Creativity. Who needs it?

Trevor Chapman

Rainmaker Advertising

Are agencies that bang on about ‘creativity’ more concerned about winning awards than shifting product? Surely a clearly stated, visible message that is on strategy will do the job well enough if the product is genuinely worthwhile.

Well actually, no. Great products are not enough and yes, agencies do like winning awards.

Perversely, some of the most successful brands of modern times have been ‘me-too’ products and some genuine innovations have failed because they didn’t manage to get their message across in a meaningful way.

If you’re going to make the most of your brand in the marketplace, you need every advantage you can get. Punching above your weight isn’t an option, it’s mandatory.

It’s tough out there

Why? Because the audience is lazy, fickle and easily bored. An ad has 0.6 seconds to captivate the reader before the page is turned and the average person is exposed to 1,300 selling messages a day and retains only two of them.

Little wonder then, with all the noise and clutter in the marketplace from competitor promotions that the overwhelming majority of communications die before they have had the chance to deliver their message.


“…the average person is exposed to 1,300 selling messages a day and retains only 2 of them.”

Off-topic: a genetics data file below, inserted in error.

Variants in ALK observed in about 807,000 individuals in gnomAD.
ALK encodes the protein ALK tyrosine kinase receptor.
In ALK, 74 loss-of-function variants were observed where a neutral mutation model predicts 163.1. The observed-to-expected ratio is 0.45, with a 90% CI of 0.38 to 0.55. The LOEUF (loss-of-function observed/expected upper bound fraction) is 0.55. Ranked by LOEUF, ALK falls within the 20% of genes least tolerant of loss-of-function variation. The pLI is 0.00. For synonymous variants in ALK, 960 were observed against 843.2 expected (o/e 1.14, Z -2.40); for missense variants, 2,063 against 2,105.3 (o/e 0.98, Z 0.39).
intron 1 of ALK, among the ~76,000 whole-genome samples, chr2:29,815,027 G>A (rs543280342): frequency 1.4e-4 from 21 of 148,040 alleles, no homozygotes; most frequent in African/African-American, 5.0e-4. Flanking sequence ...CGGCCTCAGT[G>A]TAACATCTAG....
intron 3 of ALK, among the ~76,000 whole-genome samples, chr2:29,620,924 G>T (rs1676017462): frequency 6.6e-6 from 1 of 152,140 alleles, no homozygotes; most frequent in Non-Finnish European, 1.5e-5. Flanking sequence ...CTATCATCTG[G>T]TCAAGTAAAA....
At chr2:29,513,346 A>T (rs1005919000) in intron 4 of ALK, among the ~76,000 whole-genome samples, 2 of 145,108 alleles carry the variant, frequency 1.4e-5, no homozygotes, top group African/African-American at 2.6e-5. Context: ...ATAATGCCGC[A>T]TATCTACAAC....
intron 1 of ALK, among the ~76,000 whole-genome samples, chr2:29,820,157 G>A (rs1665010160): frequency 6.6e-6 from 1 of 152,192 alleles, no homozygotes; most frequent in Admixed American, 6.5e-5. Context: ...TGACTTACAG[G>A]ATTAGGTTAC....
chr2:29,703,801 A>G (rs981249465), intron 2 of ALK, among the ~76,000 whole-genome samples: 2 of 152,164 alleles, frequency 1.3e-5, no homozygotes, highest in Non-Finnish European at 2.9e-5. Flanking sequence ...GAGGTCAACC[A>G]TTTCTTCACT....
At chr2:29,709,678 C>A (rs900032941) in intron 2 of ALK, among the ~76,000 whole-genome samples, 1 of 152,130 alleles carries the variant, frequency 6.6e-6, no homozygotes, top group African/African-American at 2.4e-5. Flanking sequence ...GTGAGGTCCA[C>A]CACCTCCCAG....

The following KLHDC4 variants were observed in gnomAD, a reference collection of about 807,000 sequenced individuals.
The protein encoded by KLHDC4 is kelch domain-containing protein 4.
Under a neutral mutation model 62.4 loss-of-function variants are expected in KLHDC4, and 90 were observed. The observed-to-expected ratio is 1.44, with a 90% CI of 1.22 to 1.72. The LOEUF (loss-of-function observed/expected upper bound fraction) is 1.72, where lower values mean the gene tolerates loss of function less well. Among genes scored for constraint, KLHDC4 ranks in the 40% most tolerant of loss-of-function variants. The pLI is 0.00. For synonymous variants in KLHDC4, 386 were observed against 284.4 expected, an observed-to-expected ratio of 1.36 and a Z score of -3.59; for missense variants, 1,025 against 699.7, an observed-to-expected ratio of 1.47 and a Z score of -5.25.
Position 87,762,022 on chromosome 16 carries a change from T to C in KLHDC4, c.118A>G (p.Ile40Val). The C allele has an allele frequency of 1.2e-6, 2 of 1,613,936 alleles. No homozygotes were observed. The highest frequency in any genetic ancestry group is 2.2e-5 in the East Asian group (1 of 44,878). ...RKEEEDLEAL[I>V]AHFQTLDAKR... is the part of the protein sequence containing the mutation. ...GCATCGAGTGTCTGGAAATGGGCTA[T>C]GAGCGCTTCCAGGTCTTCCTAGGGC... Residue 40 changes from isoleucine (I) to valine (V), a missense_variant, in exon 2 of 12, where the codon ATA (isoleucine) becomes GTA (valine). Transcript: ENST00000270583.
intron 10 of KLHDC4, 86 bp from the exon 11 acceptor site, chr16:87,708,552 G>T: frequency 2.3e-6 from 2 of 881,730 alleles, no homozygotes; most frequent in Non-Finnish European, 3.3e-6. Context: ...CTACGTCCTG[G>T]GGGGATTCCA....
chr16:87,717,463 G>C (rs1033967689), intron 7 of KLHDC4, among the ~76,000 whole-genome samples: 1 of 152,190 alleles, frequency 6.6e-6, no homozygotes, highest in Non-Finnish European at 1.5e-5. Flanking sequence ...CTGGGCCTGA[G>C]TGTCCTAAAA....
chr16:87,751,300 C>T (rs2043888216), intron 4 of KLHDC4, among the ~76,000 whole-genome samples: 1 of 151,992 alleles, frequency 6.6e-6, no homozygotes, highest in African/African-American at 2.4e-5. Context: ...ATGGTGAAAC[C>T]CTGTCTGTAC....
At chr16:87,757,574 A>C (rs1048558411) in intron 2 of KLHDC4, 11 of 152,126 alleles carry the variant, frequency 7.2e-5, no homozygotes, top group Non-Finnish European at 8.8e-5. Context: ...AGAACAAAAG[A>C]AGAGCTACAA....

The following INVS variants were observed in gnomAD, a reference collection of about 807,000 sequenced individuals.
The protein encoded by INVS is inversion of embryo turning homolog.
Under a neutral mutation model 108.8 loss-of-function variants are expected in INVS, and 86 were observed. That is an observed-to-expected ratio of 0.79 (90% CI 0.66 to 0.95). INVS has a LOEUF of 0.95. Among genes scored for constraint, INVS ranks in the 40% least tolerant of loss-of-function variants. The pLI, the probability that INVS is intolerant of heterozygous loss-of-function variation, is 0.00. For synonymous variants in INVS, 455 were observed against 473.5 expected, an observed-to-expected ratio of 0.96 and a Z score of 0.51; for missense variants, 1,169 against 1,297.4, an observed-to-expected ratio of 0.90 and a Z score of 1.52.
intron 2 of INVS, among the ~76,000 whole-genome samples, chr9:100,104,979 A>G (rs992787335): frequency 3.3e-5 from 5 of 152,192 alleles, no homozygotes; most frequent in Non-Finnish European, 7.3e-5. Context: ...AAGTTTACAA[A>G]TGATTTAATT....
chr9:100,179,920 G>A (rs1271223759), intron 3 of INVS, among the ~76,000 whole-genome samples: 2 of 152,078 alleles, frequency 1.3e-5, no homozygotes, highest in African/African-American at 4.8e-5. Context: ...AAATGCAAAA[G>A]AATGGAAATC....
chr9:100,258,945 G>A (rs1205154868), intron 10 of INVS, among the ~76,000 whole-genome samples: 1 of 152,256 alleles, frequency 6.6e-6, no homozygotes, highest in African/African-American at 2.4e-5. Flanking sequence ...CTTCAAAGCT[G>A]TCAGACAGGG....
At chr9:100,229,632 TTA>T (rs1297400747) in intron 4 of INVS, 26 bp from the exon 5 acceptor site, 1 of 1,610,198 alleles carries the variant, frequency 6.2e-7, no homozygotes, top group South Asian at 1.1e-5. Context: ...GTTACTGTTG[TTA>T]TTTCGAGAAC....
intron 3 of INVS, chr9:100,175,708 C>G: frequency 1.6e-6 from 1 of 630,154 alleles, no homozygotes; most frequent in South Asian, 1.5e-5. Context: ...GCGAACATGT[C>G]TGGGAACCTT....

Of course, standing out against background noise can be achieved by dominant share of voice. Fine for blockbuster launches with bottomless pockets but they are getting fewer and farther between. That’s just not an option for the campaigns that most of us do.

For the message to make the transition from page or screen to the mind, being relevant is not enough. It needs to be delivered in some way that is rewarding – through emotion, humour, an unexpected visual or a clever headline.

The power of creative

Easily said but not so easily done. Even if you’ve got a creative department that can produce the goods, it can take courage for clients to choose original ideas. But good work has always been worth buying. It was true for brands like Heineken way back in the 70s and is just as true in the current day where Walkers Crisps came from nowhere to take a whopping great 45% of the market. And in an undifferentiated market, how many of us are now not aware of the difference between meerkats and cheap insurance? The list of brands that have gained pre-eminence through memorable and engaging creative work is a long one. And time after time it seems that brands that pick up creative awards are also doing well in the market. It’s not a coincidence.

In understanding why, it is important to realise that great creative work is not based on whimsy. It is fundamental that the agency understands the brand intimately, with its positioning and strategy as second nature. Nor should we underestimate the work that goes into preparing the creative brief. Get that wrong and everything else that follows will fail. It is not an opportunity for the agency to display its product knowledge to the client. The brief should be exactly that – preferably one page and written with sufficient clarity that the cleaning lady will have no trouble in understanding it. All great creative campaigns, without exception, are based on genuine audience insights that go to the heart of the message and can be measured against the creative brief.